LGBTQ+ History of the US: 1800 to the Present

LGBTQ+ History of the US: 1800 to the Present

Led by: Prof. Stephen Vider (University of Connecticut)
Course Number: AMHI 668
Semesters: Fall 2023



Image: Flyer detailing Harvey Milk’s campaign platforms for supervisor, 1977 (The Gilder Lehrman Institute, GLC09871.03)

Handout for Harvey Milk's campaign for supervisor
  • New for Fall 2023

Course Description

This course traces the history of LGBTQ+ identities, relationships, communities, and politics in the United States from the late eighteenth century to the present, with a primary focus on the twentieth century. We will consider, in particular, the changing meanings and terminologies of sexual and gender variance; shifting forms of queer and trans romantic relationships, home, and family; the emergence and policing of queer and trans communities, as shaped especially by class and race; and the evolution of LGBTQ+ activism and its intersections with broader movements for social and economic justice. The course will consider more broadly how bringing a queer and trans lens to US social and political history shifts our attention to everyday intimate life as a site of oppression and resistance. Students will read and analyze a range of historical scholarship as well as primary texts in the history of gender and sexuality including memoirs and letters, periodicals, photographs, and political manifestos.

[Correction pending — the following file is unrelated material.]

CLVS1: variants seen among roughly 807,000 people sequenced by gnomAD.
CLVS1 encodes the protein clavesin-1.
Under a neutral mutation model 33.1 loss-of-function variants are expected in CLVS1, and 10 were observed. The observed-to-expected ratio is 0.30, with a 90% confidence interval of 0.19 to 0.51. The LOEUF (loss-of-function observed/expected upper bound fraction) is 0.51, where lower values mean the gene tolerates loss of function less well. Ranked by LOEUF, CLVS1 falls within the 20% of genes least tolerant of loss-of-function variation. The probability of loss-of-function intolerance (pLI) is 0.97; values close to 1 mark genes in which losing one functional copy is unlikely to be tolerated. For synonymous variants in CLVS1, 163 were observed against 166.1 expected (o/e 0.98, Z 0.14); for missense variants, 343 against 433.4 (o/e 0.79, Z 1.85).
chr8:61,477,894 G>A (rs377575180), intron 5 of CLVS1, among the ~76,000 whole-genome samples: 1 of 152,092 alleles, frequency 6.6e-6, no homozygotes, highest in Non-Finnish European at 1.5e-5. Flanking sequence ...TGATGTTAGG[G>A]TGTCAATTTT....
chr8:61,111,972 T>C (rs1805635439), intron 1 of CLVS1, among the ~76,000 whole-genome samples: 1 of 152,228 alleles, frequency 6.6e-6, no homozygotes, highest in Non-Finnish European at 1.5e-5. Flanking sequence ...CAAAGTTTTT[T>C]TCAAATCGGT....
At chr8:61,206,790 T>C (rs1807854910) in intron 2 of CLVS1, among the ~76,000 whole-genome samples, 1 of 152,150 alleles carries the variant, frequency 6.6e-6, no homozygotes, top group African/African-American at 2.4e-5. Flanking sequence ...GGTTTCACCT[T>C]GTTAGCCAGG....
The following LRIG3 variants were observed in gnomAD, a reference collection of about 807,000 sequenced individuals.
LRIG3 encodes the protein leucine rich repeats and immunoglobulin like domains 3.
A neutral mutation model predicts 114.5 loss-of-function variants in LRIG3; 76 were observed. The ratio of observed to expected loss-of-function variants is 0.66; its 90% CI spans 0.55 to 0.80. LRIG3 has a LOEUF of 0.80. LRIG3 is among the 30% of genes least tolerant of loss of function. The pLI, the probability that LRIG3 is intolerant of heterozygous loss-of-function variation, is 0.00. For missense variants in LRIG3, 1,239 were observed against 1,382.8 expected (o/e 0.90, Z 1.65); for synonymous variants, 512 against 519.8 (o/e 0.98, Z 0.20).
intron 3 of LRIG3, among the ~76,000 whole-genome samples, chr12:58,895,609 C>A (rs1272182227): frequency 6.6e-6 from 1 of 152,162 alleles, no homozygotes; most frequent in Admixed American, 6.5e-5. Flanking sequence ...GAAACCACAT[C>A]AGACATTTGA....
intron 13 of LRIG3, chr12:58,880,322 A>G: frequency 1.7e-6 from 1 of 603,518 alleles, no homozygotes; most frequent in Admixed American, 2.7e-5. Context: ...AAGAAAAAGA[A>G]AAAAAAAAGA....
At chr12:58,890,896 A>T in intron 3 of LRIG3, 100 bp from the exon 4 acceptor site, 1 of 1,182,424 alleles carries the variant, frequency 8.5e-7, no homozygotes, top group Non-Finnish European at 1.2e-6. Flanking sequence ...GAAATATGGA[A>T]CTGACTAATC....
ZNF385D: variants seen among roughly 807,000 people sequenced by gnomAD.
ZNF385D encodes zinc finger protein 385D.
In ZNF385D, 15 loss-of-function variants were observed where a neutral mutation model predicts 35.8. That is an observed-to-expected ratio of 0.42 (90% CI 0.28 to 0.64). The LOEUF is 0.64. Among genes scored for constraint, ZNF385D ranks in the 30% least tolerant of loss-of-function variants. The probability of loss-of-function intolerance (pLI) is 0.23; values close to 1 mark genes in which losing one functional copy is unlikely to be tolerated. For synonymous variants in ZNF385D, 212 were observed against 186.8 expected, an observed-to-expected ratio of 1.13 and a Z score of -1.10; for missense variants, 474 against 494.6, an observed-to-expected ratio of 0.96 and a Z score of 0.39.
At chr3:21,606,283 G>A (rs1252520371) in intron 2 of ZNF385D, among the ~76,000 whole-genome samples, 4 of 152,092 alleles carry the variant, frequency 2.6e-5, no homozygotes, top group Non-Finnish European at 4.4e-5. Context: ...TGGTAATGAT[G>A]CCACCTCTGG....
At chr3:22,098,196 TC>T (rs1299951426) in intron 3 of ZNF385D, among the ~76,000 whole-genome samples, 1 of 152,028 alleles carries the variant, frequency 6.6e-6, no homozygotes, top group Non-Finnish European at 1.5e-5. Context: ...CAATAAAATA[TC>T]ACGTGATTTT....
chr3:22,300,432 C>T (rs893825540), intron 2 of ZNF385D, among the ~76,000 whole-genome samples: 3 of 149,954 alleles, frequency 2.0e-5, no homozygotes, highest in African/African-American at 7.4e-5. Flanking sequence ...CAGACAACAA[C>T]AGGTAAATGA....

Lecture Preview

Lecture 1: “Love, Friendship, and Queer Marriage in Early America”

About the Scholar

Stephen Vider, Associate Professor of History, University of Connecticut

Stephen Vider is associate professor of history at the University of Connecticut. His research examines the social practices and politics of everyday life in the twentieth-century United States, with a focus on intersections of gender, sexuality, race, and ethnicity. He is the author of The Queerness of Home: Gender, Sexuality, and the Politics of Domesticity after World War II (2021), which traces how American conceptions of the home have shaped LGBTQ relationships and politics from 1945 to the present. He has also contributed to a range of public history projects, including the exhibition AIDS at Home: Art and Everyday Activism, which he curated for the Museum of the City of New York in 2017.